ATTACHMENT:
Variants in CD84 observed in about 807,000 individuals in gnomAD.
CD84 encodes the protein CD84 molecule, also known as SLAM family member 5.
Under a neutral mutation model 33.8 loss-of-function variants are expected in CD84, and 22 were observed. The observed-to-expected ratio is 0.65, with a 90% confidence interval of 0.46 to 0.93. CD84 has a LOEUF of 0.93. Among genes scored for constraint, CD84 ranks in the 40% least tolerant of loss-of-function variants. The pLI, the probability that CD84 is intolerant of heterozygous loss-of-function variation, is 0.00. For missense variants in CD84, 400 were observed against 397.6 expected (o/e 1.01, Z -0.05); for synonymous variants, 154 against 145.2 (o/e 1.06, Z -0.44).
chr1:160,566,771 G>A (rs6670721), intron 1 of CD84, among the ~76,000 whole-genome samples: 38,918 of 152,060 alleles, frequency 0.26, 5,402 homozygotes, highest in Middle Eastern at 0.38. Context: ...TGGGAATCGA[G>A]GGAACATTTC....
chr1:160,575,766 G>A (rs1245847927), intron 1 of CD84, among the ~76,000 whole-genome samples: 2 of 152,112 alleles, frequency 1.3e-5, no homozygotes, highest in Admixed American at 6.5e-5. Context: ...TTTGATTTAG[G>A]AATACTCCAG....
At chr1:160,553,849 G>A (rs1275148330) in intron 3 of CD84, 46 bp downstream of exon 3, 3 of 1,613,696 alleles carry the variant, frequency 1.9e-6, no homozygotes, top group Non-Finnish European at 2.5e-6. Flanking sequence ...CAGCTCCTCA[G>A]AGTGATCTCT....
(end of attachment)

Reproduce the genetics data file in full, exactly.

Variants in CD84 observed in about 807,000 individuals in gnomAD.
CD84 encodes the protein CD84 molecule, also known as SLAM family member 5.
Under a neutral mutation model 33.8 loss-of-function variants are expected in CD84, and 22 were observed. The observed-to-expected ratio is 0.65, with a 90% confidence interval of 0.46 to 0.93. CD84 has a LOEUF of 0.93. Among genes scored for constraint, CD84 ranks in the 40% least tolerant of loss-of-function variants. The pLI, the probability that CD84 is intolerant of heterozygous loss-of-function variation, is 0.00. For missense variants in CD84, 400 were observed against 397.6 expected (o/e 1.01, Z -0.05); for synonymous variants, 154 against 145.2 (o/e 1.06, Z -0.44).
chr1:160,566,771 G>A (rs6670721), intron 1 of CD84, among the ~76,000 whole-genome samples: 38,918 of 152,060 alleles, frequency 0.26, 5,402 homozygotes, highest in Middle Eastern at 0.38. Context: ...TGGGAATCGA[G>A]GGAACATTTC....
chr1:160,575,766 G>A (rs1245847927), intron 1 of CD84, among the ~76,000 whole-genome samples: 2 of 152,112 alleles, frequency 1.3e-5, no homozygotes, highest in Admixed American at 6.5e-5. Context: ...TTTGATTTAG[G>A]AATACTCCAG....
At chr1:160,553,849 G>A (rs1275148330) in intron 3 of CD84, 46 bp downstream of exon 3, 3 of 1,613,696 alleles carry the variant, frequency 1.9e-6, no homozygotes, top group Non-Finnish European at 2.5e-6. Flanking sequence ...CAGCTCCTCA[G>A]AGTGATCTCT....